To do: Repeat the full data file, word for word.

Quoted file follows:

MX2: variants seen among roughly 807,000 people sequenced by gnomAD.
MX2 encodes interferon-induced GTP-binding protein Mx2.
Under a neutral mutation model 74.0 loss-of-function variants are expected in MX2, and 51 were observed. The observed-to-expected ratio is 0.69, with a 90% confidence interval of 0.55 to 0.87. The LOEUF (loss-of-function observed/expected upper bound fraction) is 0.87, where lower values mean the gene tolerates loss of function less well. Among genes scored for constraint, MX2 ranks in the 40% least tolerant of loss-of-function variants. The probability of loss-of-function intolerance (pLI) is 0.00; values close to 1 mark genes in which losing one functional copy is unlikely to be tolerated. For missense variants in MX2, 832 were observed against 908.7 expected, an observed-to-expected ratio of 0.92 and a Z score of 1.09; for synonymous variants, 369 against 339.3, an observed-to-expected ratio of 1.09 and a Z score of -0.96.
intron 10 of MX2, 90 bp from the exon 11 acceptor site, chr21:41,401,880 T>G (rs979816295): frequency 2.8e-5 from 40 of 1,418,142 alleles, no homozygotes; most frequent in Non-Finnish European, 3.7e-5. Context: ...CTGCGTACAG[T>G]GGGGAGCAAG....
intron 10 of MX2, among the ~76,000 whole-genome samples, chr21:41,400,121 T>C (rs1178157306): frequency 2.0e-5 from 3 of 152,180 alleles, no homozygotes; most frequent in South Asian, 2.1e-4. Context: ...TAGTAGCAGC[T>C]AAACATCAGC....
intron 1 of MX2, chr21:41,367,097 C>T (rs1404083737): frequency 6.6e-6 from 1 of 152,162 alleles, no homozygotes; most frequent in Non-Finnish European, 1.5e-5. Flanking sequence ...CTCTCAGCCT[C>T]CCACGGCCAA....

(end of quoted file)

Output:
MX2: variants seen among roughly 807,000 people sequenced by gnomAD.
MX2 encodes interferon-induced GTP-binding protein Mx2.
Under a neutral mutation model 74.0 loss-of-function variants are expected in MX2, and 51 were observed. The observed-to-expected ratio is 0.69, with a 90% confidence interval of 0.55 to 0.87. The LOEUF (loss-of-function observed/expected upper bound fraction) is 0.87, where lower values mean the gene tolerates loss of function less well. Among genes scored for constraint, MX2 ranks in the 40% least tolerant of loss-of-function variants. The probability of loss-of-function intolerance (pLI) is 0.00; values close to 1 mark genes in which losing one functional copy is unlikely to be tolerated. For missense variants in MX2, 832 were observed against 908.7 expected, an observed-to-expected ratio of 0.92 and a Z score of 1.09; for synonymous variants, 369 against 339.3, an observed-to-expected ratio of 1.09 and a Z score of -0.96.
intron 10 of MX2, 90 bp from the exon 11 acceptor site, chr21:41,401,880 T>G (rs979816295): frequency 2.8e-5 from 40 of 1,418,142 alleles, no homozygotes; most frequent in Non-Finnish European, 3.7e-5. Context: ...CTGCGTACAG[T>G]GGGGAGCAAG....
intron 10 of MX2, among the ~76,000 whole-genome samples, chr21:41,400,121 T>C (rs1178157306): frequency 2.0e-5 from 3 of 152,180 alleles, no homozygotes; most frequent in South Asian, 2.1e-4. Context: ...TAGTAGCAGC[T>C]AAACATCAGC....
intron 1 of MX2, chr21:41,367,097 C>T (rs1404083737): frequency 6.6e-6 from 1 of 152,162 alleles, no homozygotes; most frequent in Non-Finnish European, 1.5e-5. Flanking sequence ...CTCTCAGCCT[C>T]CCACGGCCAA....